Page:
Controversial Wis. official to lead Midwest office

Source: Kevin Bogardus, E&E News reporter • Posted: Thursday, August 31, 2017

Cathy Stepp, a top environmental regulator from Wisconsin who has been criticized by green groups, is joining U.S. EPA.

Stepp, appointed by Gov. Scott Walker (R) as secretary of the Wisconsin Department of Natural Resources in 2011, will be principal deputy regional administrator in EPA’s Region 7 branch, based in Lenexa, Kan.

She will serve as the Midwest office’s acting chief until the agency appoints a regional administrator, EPA Chief of Staff Ryan Jackson told workers in an email obtained by E&E News. Region 7 oversees Iowa, Kansas, Missouri and Nebraska.

In his email to EPA staff yesterday, Jackson praised Stepp’s tenure at Wisconsin’s DNR, including her use of “Lean” management techniques that have taken on greater emphasis at the agency under Administrator Scott Pruitt.

“Under Cathy’s leadership, the DNR was the first state agency to apply Lean Government efforts to its organization. With a priority to make the DNR more transparent, she guided efforts to create greater public input for internal processes,” Jackson said.

Stepp is a former state legislator, having served as a Wisconsin state senator for Racine from 2003 to 2007. She was head of the Senate job creation committee and co-chairwoman of the Energy and Natural Resources Committee.

Stepp also sat on the Wisconsin Natural Resources Board for three years when then-Gov. Tommy Thompson (R) asked her to join in 1998.

Controversial tenure

Stepp’s tenure at Wisconsin’s DNR has become controversial, as Walker looked to have the agency take a friendlier approach with business in the state.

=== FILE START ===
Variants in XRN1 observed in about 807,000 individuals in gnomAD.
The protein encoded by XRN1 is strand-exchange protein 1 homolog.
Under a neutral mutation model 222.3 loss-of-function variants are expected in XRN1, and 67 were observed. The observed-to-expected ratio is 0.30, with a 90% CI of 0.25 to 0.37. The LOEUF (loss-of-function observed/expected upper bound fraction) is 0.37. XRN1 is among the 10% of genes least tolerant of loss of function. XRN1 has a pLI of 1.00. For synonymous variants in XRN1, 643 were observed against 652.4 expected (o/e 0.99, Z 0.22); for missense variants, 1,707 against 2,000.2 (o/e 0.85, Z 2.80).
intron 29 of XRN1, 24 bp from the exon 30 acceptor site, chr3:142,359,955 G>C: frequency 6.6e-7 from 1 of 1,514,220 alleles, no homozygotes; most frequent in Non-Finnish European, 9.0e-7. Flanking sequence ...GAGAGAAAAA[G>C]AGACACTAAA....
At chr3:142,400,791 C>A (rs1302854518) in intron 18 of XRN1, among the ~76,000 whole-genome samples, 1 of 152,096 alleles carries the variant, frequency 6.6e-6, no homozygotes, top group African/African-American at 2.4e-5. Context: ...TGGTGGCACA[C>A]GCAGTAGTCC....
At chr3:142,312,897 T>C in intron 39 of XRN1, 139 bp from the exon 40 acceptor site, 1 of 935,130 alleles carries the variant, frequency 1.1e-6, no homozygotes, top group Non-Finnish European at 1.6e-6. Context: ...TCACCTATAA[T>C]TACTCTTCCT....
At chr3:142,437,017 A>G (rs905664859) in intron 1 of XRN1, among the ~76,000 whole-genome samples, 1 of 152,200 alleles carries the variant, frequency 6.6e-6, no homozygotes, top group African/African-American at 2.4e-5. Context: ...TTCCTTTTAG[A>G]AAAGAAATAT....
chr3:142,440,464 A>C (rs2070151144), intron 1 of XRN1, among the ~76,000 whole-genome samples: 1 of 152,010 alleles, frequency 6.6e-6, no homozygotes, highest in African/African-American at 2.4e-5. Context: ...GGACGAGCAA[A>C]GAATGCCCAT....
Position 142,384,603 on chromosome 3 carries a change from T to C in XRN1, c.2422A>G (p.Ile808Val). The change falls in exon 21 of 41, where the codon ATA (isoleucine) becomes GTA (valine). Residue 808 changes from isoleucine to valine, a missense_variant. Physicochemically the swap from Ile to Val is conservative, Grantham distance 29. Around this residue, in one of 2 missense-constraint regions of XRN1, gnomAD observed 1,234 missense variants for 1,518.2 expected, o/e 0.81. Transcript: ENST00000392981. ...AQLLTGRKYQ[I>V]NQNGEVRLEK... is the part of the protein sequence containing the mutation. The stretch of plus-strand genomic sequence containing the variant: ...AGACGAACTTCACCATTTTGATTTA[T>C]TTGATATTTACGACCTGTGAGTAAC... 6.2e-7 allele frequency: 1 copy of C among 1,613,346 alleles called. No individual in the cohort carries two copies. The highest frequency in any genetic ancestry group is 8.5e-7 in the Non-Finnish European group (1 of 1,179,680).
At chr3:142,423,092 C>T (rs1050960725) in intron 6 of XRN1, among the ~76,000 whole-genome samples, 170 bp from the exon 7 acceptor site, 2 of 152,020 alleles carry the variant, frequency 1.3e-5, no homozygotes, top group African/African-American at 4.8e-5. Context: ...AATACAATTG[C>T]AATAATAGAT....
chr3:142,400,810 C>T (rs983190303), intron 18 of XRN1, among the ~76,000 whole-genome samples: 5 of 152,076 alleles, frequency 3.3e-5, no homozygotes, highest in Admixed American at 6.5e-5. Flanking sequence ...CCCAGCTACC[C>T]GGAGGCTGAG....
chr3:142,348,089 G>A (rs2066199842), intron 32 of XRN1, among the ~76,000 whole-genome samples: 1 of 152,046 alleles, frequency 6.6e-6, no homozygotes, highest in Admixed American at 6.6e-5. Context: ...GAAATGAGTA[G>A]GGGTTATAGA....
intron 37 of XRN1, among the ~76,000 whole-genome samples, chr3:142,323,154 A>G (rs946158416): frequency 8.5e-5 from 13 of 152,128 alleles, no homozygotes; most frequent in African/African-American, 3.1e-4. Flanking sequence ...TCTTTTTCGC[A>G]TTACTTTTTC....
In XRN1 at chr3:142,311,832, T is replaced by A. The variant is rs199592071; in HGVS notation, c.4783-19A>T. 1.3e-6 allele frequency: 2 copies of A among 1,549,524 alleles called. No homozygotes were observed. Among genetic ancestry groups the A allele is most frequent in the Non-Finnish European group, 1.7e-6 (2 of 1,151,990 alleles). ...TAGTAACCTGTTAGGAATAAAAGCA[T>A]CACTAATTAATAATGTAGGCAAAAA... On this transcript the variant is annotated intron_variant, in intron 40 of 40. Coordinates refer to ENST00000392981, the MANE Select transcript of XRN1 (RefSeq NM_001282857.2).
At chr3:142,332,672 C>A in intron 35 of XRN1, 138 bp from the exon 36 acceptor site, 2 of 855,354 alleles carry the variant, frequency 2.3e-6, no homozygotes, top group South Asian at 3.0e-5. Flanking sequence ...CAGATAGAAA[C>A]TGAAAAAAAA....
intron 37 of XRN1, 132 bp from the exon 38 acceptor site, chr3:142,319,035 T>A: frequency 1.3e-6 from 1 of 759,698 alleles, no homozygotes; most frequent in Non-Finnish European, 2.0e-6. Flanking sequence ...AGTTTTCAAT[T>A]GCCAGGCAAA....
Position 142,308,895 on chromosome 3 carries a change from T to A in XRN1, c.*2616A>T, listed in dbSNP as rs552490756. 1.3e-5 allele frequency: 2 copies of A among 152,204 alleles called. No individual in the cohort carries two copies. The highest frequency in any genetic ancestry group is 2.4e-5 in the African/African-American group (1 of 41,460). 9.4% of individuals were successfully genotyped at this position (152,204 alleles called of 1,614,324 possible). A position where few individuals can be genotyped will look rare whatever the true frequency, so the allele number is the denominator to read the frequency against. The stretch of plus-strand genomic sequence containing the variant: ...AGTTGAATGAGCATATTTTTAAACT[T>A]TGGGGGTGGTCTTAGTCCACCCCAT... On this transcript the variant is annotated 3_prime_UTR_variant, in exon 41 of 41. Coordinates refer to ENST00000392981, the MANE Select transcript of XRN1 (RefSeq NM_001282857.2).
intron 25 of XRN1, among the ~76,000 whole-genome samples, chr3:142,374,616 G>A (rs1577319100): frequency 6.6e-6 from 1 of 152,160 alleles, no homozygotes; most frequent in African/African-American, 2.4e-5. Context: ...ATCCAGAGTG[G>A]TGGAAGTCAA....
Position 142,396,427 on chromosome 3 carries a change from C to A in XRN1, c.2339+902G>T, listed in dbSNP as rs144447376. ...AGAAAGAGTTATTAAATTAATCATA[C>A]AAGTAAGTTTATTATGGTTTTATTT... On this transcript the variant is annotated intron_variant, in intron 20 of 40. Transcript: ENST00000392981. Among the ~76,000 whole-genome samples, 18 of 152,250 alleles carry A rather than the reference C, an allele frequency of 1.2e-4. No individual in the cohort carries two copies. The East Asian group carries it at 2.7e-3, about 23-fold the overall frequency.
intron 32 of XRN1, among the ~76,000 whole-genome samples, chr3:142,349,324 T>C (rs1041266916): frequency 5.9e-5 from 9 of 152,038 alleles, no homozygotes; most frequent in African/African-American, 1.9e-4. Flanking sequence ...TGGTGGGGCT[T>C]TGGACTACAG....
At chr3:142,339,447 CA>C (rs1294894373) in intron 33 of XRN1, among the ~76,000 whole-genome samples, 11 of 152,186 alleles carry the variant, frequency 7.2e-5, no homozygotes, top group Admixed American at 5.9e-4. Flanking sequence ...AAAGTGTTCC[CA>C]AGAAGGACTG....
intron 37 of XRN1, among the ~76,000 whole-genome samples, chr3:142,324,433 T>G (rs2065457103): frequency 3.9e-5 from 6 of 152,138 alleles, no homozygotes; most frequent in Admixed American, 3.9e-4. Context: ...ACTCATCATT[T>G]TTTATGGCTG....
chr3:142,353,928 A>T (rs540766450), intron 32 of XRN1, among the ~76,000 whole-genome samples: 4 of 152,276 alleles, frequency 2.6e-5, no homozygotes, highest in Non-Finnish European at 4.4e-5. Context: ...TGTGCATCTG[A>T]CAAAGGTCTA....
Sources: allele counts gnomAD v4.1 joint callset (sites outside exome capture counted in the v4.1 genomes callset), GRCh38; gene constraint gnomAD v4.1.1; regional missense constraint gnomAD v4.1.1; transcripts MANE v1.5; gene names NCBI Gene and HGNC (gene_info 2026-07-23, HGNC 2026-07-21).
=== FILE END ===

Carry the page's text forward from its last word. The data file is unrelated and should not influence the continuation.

Under Stepp’s watch, the agency has sent fewer criminal cases to the state’s attorney general, and its enforcement penalties have dropped, as well (Greenwire, April 4).

In addition, Stepp faced criticism over her reorganization plan at the agency that would have outside consultants draft environmental permits (Greenwire, Dec. 6, 2016).

Wisconsin’s DNR under Stepp also stripped language from its website that said human activities leading to more greenhouse gas emissions are the main cause of climate change (Greenwire, Jan. 10).

Environmental groups are not happy with Stepp’s appointment to EPA. In a statement, Bill Davis, chapter director of Sierra Club’s John Muir Chapter in Wisconsin, said she favored “polluting industries” over the people of the state.

“We can only guess what this next step in her ‘leadership’ will mean for Region 7, but we know it won’t be good,” Davis said.

Other hires

Jackson noted that Trey Glenn, a business consultant and former director of the Alabama Department of Environmental Management, started at EPA on Monday as administrator for the agency’s Region 4 office. Regional leaders do not require Senate confirmation.

Further, Jackson said in his email that Susan Bodine, President Trump’s nominee for enforcement chief, has officially joined the agency. She will start on Sept. 5 as special counsel to the administrator on enforcement.

Bodine, chief counsel for the Senate Environment and Public Works Committee, saw her nomination move through the panel in July but is still waiting for a confirmation vote in the full chamber.

Larry Starfield will remain EPA’s acting assistant administrator for enforcement and compliance assurance until the Senate moves on Bodine.